The emergence of immense amounts of data presents new opportunities – and challenges – in discovery informatics.
The first College of Liberal Arts and Sciences’ Signature Research Themes workshop, "Exploring Data-Rich Environments," will examine new avenues for data-driven research in the sciences, humanities and business by leveraging strengths in the mathematical sciences.
The free workshop is Friday, Oct. 11, beginning at 1 p.m. in the Scheman Building at the Iowa State Center. Pre-registration is required.
The conference is designed for ISU faculty and research staff interested in cross-disciplinary research opportunities. The workshop includes two keynote speakers, a panel discussion, breakout sessions and dinner.
"This first Signature Theme workshop is intended to illustrate the breadth of the theme and to help faculty from diverse disciplines visualize how they fit," Martin Spalding, associate dean for research in the College of LAS, said. "This is a major goal for all the workshops."
Additional workshops will be planned for the college’s other four Signature Themes. Read about the Signature Themes here.
"Massive data sets are everywhere now: financial transaction data, individual credit histories, digitized books and sensor networks, to name just a few," said Philip Dixon, University Professor of statistics and member of the workshop steering committee.
He added that by using huge data sets, questions that were unthinkable a few years ago can be addressed today. Yet, the challenges of big data are forcing development of new quantitative methods. "This workshop highlights the challenges and opportunities of big data across many fields."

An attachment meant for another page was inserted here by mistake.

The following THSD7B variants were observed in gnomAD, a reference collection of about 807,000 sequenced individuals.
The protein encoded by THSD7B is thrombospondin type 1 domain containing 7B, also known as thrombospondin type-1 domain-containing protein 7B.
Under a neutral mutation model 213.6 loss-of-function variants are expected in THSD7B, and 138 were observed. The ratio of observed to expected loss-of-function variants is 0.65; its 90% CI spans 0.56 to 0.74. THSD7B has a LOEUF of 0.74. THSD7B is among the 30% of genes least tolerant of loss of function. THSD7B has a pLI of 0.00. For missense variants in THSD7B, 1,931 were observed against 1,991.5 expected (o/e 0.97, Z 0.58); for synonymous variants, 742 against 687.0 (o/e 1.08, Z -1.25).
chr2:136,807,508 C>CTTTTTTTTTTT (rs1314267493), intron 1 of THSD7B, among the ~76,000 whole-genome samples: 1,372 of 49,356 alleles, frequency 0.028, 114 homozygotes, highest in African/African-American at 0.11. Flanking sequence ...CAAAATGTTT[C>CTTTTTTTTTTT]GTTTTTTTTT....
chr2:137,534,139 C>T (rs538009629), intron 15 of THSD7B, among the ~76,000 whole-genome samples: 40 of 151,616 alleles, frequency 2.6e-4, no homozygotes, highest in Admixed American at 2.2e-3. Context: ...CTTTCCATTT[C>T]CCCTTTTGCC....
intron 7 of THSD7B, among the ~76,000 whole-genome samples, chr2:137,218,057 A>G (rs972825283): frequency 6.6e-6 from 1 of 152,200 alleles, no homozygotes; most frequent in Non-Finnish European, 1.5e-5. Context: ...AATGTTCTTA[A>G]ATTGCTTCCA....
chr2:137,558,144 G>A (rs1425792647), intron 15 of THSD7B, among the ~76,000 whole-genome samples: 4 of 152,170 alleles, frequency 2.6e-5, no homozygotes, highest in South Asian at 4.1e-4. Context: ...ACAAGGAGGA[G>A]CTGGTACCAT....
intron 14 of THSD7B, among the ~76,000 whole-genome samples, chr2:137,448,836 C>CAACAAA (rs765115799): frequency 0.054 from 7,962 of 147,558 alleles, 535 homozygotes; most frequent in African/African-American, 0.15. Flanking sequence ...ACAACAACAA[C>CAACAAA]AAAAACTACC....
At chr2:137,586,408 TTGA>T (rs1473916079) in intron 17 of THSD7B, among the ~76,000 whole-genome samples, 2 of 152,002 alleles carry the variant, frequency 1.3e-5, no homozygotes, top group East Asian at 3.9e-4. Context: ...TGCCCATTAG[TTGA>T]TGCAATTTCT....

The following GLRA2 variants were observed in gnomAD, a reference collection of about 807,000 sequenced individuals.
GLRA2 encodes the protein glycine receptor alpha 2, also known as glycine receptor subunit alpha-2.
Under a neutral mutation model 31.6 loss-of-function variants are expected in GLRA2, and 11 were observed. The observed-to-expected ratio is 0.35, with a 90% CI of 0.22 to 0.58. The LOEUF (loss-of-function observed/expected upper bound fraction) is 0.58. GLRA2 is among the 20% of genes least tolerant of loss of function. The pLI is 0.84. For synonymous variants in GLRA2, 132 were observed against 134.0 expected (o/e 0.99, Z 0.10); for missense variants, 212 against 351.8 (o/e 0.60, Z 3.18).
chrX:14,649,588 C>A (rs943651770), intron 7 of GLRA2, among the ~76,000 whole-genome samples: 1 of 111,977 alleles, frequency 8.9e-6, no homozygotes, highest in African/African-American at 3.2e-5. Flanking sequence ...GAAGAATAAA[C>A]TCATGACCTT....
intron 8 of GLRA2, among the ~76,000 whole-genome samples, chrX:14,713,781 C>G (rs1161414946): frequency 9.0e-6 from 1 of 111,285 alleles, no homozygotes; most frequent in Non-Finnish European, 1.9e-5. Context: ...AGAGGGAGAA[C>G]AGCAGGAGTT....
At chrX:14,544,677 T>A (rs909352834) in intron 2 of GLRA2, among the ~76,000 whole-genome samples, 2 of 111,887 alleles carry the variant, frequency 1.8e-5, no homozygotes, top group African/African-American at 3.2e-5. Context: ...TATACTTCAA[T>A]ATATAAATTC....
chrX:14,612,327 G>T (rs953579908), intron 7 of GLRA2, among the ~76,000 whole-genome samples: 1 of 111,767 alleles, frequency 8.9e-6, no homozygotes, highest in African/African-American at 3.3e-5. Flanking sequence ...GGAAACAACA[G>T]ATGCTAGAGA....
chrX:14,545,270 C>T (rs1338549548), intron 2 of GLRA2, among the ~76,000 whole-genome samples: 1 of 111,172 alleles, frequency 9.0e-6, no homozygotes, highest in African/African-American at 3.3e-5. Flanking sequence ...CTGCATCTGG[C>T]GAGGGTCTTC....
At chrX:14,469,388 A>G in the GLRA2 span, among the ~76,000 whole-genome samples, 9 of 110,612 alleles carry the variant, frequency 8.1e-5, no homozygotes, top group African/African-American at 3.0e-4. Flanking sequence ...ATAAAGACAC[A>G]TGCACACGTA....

The afternoon keynote speaker is Matt Jockers, from the Department of English at University of Nebraska-Lincoln. He will present his work using machine-learning methods to analyze literature, specifically Jane Austen’s impact and her literary mentor, Maria Edgeworth. The second keynote speaker, Kris de Brabanter, from the departments of Statistics and Computer Science at Iowa State, will give an overview of the field and describe new ways to extract information from sensor networks.
Register for the workshop by emailing Kristin Doerder (email@example.com) by noon on Friday, October 4. The workshop’s two keynote lectures are open to everyone, and no registration is required for the lectures. Registration is required for the remainder of the workshop and dinner.
1-1:15 p.m. Benton Auditorium – Welcome, Dean Beate Schmittmann, College of Liberal Arts and Sciences
1:15-2:15 p.m. Benton Auditorium – Opening keynote: “Data Driven Criticism: A (Literary) Lab Report,” by Matthew Jockers, Department of English, University of Nebraska-Lincoln
2:15-2:30 p.m. Benton Auditorium – Update on ISU resources for big-data research
2:30-3 p.m. 1st-Floor Lobby – Refreshments
3-4 p.m. 004 Scheman – Panel Discussion
4-5 p.m. 004 Scheman – Breakout sessions
5-5:45 p.m. 1st-Floor Lobby – Social hour: Cash bar, light hors d’oeuvres
5:45-7 p.m. 190 Stagedoor – Buffet dinner
7-8 p.m. 190 Stagedoor – Closing keynote: “Challenges in Big Data: Theory and Applications,” by Kris de Brabanter, departments of Computer Science and Statistics, Iowa State University